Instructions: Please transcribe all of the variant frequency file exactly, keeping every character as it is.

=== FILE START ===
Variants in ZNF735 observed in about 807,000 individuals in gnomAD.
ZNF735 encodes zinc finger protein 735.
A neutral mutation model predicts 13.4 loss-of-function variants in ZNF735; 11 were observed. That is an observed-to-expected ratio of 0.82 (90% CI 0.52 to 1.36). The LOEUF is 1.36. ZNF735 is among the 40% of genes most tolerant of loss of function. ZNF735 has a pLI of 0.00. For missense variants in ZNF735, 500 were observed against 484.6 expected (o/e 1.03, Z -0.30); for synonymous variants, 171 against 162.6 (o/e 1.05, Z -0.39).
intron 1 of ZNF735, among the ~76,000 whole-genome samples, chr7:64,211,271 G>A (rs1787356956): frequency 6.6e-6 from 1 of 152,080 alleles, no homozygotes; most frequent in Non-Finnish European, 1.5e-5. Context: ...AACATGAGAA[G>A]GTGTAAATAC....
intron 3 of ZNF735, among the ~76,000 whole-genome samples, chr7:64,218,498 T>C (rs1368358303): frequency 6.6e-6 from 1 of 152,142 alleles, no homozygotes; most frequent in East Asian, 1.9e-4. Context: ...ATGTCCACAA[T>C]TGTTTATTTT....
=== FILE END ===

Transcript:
Variants in ZNF735 observed in about 807,000 individuals in gnomAD.
ZNF735 encodes zinc finger protein 735.
A neutral mutation model predicts 13.4 loss-of-function variants in ZNF735; 11 were observed. That is an observed-to-expected ratio of 0.82 (90% CI 0.52 to 1.36). The LOEUF is 1.36. ZNF735 is among the 40% of genes most tolerant of loss of function. ZNF735 has a pLI of 0.00. For missense variants in ZNF735, 500 were observed against 484.6 expected (o/e 1.03, Z -0.30); for synonymous variants, 171 against 162.6 (o/e 1.05, Z -0.39).
intron 1 of ZNF735, among the ~76,000 whole-genome samples, chr7:64,211,271 G>A (rs1787356956): frequency 6.6e-6 from 1 of 152,080 alleles, no homozygotes; most frequent in Non-Finnish European, 1.5e-5. Context: ...AACATGAGAA[G>A]GTGTAAATAC....
intron 3 of ZNF735, among the ~76,000 whole-genome samples, chr7:64,218,498 T>C (rs1368358303): frequency 6.6e-6 from 1 of 152,142 alleles, no homozygotes; most frequent in East Asian, 1.9e-4. Context: ...ATGTCCACAA[T>C]TGTTTATTTT....